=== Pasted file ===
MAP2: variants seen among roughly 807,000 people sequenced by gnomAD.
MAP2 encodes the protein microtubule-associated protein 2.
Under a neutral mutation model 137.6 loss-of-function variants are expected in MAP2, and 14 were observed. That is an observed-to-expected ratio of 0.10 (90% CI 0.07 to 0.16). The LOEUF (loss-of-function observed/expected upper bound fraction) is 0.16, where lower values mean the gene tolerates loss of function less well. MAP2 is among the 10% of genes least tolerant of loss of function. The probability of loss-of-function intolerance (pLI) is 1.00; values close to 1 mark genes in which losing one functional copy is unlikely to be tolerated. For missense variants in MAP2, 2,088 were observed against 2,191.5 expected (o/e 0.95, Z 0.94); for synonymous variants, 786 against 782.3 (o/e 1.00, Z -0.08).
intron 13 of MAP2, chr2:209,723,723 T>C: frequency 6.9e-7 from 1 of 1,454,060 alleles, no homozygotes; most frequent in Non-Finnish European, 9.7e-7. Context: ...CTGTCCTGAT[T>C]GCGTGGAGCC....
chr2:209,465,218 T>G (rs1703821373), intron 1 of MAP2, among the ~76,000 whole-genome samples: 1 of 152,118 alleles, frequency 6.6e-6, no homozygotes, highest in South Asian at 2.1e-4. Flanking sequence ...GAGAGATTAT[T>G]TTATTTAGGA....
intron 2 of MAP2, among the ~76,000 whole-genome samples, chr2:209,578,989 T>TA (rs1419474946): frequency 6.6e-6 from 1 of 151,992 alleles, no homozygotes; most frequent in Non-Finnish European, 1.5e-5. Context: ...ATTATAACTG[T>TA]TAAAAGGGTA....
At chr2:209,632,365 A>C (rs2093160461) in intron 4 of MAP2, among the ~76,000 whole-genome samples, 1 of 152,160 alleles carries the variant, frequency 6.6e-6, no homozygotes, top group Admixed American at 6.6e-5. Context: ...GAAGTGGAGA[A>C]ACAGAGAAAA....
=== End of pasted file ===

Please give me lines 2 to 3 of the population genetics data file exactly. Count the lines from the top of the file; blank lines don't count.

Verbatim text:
MAP2 encodes the protein microtubule-associated protein 2.
Under a neutral mutation model 137.6 loss-of-function variants are expected in MAP2, and 14 were observed. That is an observed-to-expected ratio of 0.10 (90% CI 0.07 to 0.16). The LOEUF (loss-of-function observed/expected upper bound fraction) is 0.16, where lower values mean the gene tolerates loss of function less well. MAP2 is among the 10% of genes least tolerant of loss of function. The probability of loss-of-function intolerance (pLI) is 1.00; values close to 1 mark genes in which losing one functional copy is unlikely to be tolerated. For missense variants in MAP2, 2,088 were observed against 2,191.5 expected (o/e 0.95, Z 0.94); for synonymous variants, 786 against 782.3 (o/e 1.00, Z -0.08).